Congratulating Indian Prime Minister Narendra Modi on his “strong and decisive mandate”, US Commerce Secretary Wilbur Ross said that Washington looked forward to working with him “to address our mutual trade opportunities, and investment potential”.
Speaking at the India Ideas Summit of the US-India Business Council (USIBC) in Washington on Thursday, he said: “I hope that now that he has received a strong re-election mandate, he will carry through on the reforms he and I discussed. Even more important than specific items is the mindset of moving toward a more open economy.”
Ross mounted a strong defense of American trade policies and said: “We will continue to work diligently with the Indian government and our private-sector partners to eliminate barriers to US products.”
Investments were not a one-way street. He said that India’s Foreign Direct Investment (FDI) in India totaled $13.1 billion at the end of 2017.
He said that a recent investment summit in the US, 97 Indian executives made up the fourth-largest delegation of the 78 countries attending it.
In contrast to Secretary of State Mike Pompeo’s more conciliatory and forward-looking speech at the summit on Wednesday, Ross was more forthright as he listed US trade grievances against India.
“The US is India’s largest export destination; while India, with a population of 1.35 billion people, is only our 13th largest export market… This imbalance is due — importantly — to overly restrictive market access barriers.
“India’s average applied tariff rate of 13.8 percent remains the highest of any major world economy. It has a 60 percent tariff on automobiles, and 150 percent on alcoholic beverages. On motorcycles, it is 50 percent while ours is just 2.4 percent. Its bound tariff rates on agricultural products average 113.5 percent, and are as high as 300 percent,” Ross said.
He contrasted it with the US, which, he said “has zero tariffs on 61 percent of the total value of our imports, encompassing more than 17,000 categories of products. On thousands of additional products, our tariffs are lower than what other countries impose”.
“High tariffs, non-tariff barriers, and unfair trade practices by our global partners have cost our nation entire industries, good-paying jobs, and lost innovation,” he said. “These protectionist practices also breed companies in places like India that have not become globally competitive, and, therefore, hurt local economies.”
He mentioned in general terms the restrictions on Walmart-owned Flipkart and Amazon, the requirement that credit card companies store data locally, price controls on medicines and tariffs on information communications technology products as both tariff and non-tariff barriers faced by US companies.
“These barriers, some of which are new, impede the development of viable commercial relationships,” he said.
Defending President Donald Trump’s administration to strip the General Scheme of Preferences (GSP) away from India, Ross said that during a visit to New Delhi in May, he told Modi that Washington “would hold off on its GSP decision until after the election, so that it would not interfere with them” but concerns over tariffs “needed to be addressed in order to avoid a possible negative decision”.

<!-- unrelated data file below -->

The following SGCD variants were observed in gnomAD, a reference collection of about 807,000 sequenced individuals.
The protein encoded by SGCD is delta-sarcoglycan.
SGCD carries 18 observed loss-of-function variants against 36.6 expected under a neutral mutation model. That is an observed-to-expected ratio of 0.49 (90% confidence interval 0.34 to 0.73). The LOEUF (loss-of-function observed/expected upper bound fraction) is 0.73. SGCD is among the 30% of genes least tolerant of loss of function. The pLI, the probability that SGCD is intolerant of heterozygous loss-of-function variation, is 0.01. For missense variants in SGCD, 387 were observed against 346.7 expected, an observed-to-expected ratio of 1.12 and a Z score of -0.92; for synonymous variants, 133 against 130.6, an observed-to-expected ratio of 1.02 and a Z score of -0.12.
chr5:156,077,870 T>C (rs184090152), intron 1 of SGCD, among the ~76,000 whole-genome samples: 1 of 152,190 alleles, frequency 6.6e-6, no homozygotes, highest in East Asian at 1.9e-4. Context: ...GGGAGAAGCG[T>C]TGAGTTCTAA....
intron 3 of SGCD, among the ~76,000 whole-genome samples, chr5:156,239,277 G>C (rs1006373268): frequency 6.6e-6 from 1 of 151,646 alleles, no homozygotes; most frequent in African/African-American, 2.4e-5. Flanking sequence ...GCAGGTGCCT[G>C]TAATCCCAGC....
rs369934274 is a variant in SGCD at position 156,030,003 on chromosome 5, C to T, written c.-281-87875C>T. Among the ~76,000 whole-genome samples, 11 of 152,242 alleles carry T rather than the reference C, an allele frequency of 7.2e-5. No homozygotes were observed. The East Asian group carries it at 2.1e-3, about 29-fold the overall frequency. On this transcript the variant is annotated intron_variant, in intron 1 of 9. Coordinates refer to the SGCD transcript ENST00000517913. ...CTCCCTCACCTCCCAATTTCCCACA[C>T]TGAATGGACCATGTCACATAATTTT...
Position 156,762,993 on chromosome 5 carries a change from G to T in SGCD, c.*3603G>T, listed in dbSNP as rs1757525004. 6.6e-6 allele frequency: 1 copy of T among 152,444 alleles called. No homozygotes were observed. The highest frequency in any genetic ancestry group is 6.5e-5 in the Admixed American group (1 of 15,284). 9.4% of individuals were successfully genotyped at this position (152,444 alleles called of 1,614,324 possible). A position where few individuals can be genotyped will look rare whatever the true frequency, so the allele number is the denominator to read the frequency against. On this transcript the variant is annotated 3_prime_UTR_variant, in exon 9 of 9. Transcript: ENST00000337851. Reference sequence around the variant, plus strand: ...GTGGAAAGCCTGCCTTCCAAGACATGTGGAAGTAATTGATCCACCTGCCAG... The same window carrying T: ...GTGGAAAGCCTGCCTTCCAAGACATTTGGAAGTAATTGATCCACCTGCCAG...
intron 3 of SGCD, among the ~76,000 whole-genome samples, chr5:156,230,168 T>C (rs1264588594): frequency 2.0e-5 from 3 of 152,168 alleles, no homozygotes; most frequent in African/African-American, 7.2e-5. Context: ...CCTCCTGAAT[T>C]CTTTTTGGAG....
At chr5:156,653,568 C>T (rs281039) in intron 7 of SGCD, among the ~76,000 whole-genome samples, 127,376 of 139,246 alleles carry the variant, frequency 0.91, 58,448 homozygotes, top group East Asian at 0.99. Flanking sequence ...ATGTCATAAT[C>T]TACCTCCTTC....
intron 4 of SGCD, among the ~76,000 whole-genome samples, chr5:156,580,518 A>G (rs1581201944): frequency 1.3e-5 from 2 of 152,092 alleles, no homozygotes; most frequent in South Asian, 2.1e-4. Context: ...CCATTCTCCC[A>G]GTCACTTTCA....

“They were not addressed and, therefore, because India has not assured the US that it will provide equitable and reasonable access to its market, President Trump terminated India’s GSP designation,” Ross said.
He also alluded to the original intent of the GSP, which was to help underdeveloped countries and contrasted the India of 1975 when it received the GSP status and now.
When then-President Richard Nixon extended the GSP to India, “no one at that time could have predicted that in four decades India would become the world’s third largest economy with a GDP growth rate projected to reach 7.3 percent this year. Nor could anyone have foreseen that by 2018 bilateral trade between our countries would total $142 billion and that the US would not only have a goods deficit with India of $21 billion but also have a services deficit of $3 billion”.
“This is a real imbalance,” he added.
Ross recalled that earlier as the founder of W.L. Ross & Co, a private equities fund, he made several major investments in India and “even owned an Indian airline, SpiceJet”.
“That experience has helped inform my understanding of the challenges US companies face in the Indian market.”
But he added that India was making progress in becoming business friendly and cited the World Bank’s Ease of Doing Business report where “India climbed an impressive 23 spots this year, to rank 77 out of 190 countries”.
He pinned his hopes on state government efforts to attract investments.
“Many US companies find it advantageous to take the approach of working through their states to establish partnerships and identify customers in India.
“For this reason, we are eager to advance our cooperation with US and Indian states to open trade and investment opportunities for businesses in both countries,” Ross added.